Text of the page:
Kodiak Oil & Gas Corp. (KOG) is a Bakken oil producer we’ve looked at a number of times in these pages. This growing energy producer operates in two Rocky Mountain basins: the Williston Basin of North Dakota and Montana, and the Green River Basin of Wyoming and Colorado.

At the company’s operation in the Williston Basin, oil is produced from multiple zones, including the Bakken shale, Mission Canyon, and Red River formations. In Wyoming, Kodiak’s asset is in the Vermillion Basin, where it targets deep, over-pressured, tight gas sands and shales.

Kodiak’s share price is about a point-and-a-half below its all-time high. It’s still a growth story and the position remains highly liquid.

The company’s 2014 first-quarter oil and gas sales soared to $257 million, up from $165 million comparatively, on 3.1 million barrels of oil sold, which represents a 57% quarter-over-quarter gain in equivalent sales volume.

Earnings were $29.1 million, or $0.11 per diluted share, up from earnings of $19.4 million, or $0.07 per diluted share.

Like many other producers operating in North Dakota and Montana, a tough winter meant a sequential quarterly decline in oil … Read More

How Past Investment Trends Predicted This Stock Market Action

By for Profit Confidential

Speculative Fervor Declines on Growing RiskIt’s just the same old story with stocks. One day they’re up; the next day they’re not.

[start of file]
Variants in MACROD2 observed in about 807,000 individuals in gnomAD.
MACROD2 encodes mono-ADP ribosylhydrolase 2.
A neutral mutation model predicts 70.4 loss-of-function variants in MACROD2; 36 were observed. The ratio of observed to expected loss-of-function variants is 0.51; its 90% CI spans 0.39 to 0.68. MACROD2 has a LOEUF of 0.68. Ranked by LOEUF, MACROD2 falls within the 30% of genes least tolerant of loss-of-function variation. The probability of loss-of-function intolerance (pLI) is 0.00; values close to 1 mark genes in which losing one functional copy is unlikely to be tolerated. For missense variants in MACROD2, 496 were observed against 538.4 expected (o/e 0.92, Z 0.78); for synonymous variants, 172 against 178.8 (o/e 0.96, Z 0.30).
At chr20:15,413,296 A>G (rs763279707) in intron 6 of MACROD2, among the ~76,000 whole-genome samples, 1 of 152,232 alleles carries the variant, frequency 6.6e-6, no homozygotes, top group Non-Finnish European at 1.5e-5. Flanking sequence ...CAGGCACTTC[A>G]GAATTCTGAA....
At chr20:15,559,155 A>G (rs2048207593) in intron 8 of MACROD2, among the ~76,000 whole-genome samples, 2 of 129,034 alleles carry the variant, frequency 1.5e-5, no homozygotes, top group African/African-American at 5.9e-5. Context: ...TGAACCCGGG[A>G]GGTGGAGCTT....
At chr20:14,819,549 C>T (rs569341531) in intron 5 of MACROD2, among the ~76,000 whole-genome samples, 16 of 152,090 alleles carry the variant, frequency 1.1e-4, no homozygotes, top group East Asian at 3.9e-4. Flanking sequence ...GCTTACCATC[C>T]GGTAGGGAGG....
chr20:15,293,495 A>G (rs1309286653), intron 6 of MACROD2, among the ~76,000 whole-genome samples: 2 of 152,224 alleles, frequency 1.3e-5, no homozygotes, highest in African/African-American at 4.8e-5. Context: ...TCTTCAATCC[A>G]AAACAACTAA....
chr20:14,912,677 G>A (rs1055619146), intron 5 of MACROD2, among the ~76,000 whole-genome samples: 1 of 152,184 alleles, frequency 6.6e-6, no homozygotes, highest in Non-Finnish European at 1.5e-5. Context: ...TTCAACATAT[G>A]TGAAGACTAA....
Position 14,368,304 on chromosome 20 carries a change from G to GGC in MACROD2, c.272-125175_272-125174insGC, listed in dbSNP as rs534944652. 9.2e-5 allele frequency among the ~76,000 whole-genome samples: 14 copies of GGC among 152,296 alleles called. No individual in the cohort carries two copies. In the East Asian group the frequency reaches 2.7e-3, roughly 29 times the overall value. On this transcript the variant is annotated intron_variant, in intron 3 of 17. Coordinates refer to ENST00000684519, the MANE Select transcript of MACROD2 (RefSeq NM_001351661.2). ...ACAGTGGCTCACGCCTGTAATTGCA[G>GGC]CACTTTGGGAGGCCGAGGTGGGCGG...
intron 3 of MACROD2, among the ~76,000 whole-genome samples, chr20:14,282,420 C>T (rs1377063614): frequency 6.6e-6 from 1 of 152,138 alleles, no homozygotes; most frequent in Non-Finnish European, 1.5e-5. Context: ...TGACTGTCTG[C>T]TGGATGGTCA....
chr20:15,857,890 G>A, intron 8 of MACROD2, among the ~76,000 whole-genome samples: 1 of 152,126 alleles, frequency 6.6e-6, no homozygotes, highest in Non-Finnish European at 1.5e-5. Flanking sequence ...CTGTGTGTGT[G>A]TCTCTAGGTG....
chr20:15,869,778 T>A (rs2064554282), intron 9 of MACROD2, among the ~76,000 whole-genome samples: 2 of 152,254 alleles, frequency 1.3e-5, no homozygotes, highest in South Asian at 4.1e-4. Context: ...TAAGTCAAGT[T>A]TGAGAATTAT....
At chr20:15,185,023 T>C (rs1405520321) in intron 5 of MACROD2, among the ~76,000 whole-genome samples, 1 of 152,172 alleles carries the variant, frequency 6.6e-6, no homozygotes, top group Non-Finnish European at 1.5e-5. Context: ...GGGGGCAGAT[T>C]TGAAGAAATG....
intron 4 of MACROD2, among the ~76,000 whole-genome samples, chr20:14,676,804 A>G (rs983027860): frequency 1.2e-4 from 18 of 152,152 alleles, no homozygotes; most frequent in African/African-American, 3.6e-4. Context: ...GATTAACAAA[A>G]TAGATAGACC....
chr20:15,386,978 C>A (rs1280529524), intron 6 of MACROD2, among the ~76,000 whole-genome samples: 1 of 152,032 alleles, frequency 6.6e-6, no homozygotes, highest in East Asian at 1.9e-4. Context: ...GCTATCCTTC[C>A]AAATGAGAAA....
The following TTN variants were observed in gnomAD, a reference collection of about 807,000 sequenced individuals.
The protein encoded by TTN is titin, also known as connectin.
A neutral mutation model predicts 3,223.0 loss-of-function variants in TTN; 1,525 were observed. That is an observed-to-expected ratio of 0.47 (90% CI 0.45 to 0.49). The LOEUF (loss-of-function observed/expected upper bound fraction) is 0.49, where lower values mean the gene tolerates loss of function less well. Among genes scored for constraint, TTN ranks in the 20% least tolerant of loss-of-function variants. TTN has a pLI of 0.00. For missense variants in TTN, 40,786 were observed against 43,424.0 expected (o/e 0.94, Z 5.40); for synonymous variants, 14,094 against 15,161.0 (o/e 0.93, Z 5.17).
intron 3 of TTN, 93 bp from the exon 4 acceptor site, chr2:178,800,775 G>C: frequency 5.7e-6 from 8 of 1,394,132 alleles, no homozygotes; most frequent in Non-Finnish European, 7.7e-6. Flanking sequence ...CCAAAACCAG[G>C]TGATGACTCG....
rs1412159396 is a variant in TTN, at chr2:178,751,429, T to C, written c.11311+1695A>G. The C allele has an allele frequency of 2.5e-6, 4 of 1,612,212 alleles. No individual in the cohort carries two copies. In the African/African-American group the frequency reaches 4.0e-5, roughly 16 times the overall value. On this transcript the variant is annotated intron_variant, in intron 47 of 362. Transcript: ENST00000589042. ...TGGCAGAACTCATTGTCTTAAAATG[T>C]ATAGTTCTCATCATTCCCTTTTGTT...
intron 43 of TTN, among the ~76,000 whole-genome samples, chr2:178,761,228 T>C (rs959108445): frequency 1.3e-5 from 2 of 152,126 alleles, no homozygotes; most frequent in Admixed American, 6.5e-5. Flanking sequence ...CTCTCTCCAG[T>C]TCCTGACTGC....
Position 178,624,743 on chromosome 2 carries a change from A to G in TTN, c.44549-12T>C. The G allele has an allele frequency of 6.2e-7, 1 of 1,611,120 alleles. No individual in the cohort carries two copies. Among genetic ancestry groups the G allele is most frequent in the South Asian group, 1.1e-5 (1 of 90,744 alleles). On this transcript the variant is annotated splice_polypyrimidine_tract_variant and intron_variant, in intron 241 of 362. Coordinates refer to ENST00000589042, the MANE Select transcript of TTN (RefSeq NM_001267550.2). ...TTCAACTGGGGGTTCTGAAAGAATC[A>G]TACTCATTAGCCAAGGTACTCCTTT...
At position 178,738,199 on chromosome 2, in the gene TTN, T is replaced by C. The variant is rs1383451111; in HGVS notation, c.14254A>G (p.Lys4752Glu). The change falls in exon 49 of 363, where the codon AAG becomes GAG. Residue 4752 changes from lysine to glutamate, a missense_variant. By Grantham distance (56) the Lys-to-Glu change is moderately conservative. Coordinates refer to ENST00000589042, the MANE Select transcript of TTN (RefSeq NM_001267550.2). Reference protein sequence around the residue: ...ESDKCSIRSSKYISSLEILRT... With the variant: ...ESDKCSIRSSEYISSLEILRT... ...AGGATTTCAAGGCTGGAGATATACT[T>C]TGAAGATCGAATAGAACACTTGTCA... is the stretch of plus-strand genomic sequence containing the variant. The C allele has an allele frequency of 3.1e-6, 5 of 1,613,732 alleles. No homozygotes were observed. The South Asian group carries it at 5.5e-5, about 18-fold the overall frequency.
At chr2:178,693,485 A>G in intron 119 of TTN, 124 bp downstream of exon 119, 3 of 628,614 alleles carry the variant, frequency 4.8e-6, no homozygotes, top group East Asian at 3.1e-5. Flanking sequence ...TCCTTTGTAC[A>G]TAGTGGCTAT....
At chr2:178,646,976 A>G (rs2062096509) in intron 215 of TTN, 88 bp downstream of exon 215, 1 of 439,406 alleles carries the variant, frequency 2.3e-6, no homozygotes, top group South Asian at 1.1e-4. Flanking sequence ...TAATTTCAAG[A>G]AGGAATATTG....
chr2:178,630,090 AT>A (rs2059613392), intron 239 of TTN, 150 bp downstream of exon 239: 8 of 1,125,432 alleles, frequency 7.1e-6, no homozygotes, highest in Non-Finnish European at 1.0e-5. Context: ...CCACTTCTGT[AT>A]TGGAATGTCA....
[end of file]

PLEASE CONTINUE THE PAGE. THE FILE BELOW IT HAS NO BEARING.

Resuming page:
If 2013 was a breakout year from the previous long-run recovery cycle, 2014 is a year of choppiness.

Stocks just can’t seem to latch onto any particular trend. A convolution of influences from earnings results to geopolitical events continue to beat down what positive sentiment sprouts from the data.

It’s no surprise to have choppy capital markets after such a strong year of capital gains. And that’s the thing I always try to keep in the back of my mind: stocks are about the future—a future stream of earnings discounted for every potential eventuality at prevailing rates of interest.

With downside leadership in equities provided by the high-valuation large-cap technology stocks, it’s difficult to imagine the main market indices accelerating near-term, especially as the marketplace has already voted on this earnings season.

A familiar mantra coming from a lot of Wall Street analysts is that the pace of U.S. economic activity should accelerate towards the end of the year. Several firms are calling for stronger oil prices and lower gold prices accordingly.